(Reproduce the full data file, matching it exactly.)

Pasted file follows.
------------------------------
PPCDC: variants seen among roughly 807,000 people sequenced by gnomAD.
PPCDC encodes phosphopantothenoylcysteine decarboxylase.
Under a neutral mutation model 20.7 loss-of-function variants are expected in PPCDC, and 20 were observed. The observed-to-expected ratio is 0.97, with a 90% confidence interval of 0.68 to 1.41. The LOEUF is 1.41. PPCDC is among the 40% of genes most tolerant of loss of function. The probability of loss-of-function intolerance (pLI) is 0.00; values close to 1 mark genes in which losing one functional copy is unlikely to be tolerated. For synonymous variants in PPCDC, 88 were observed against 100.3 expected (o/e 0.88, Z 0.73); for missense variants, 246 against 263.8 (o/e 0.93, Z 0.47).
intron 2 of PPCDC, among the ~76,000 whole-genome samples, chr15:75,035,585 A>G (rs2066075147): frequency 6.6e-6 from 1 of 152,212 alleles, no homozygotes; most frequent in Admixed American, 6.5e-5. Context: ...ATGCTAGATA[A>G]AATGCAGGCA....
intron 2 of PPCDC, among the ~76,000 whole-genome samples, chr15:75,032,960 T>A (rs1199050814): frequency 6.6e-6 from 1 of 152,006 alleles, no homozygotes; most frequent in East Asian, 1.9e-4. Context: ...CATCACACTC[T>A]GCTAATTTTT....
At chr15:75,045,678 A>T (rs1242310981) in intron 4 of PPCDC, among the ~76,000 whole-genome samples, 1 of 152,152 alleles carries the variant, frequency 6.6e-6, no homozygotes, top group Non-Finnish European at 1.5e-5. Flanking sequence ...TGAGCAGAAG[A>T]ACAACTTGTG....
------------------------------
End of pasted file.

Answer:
PPCDC: variants seen among roughly 807,000 people sequenced by gnomAD.
PPCDC encodes phosphopantothenoylcysteine decarboxylase.
Under a neutral mutation model 20.7 loss-of-function variants are expected in PPCDC, and 20 were observed. The observed-to-expected ratio is 0.97, with a 90% confidence interval of 0.68 to 1.41. The LOEUF is 1.41. PPCDC is among the 40% of genes most tolerant of loss of function. The probability of loss-of-function intolerance (pLI) is 0.00; values close to 1 mark genes in which losing one functional copy is unlikely to be tolerated. For synonymous variants in PPCDC, 88 were observed against 100.3 expected (o/e 0.88, Z 0.73); for missense variants, 246 against 263.8 (o/e 0.93, Z 0.47).
intron 2 of PPCDC, among the ~76,000 whole-genome samples, chr15:75,035,585 A>G (rs2066075147): frequency 6.6e-6 from 1 of 152,212 alleles, no homozygotes; most frequent in Admixed American, 6.5e-5. Context: ...ATGCTAGATA[A>G]AATGCAGGCA....
intron 2 of PPCDC, among the ~76,000 whole-genome samples, chr15:75,032,960 T>A (rs1199050814): frequency 6.6e-6 from 1 of 152,006 alleles, no homozygotes; most frequent in East Asian, 1.9e-4. Context: ...CATCACACTC[T>A]GCTAATTTTT....
At chr15:75,045,678 A>T (rs1242310981) in intron 4 of PPCDC, among the ~76,000 whole-genome samples, 1 of 152,152 alleles carries the variant, frequency 6.6e-6, no homozygotes, top group Non-Finnish European at 1.5e-5. Flanking sequence ...TGAGCAGAAG[A>T]ACAACTTGTG....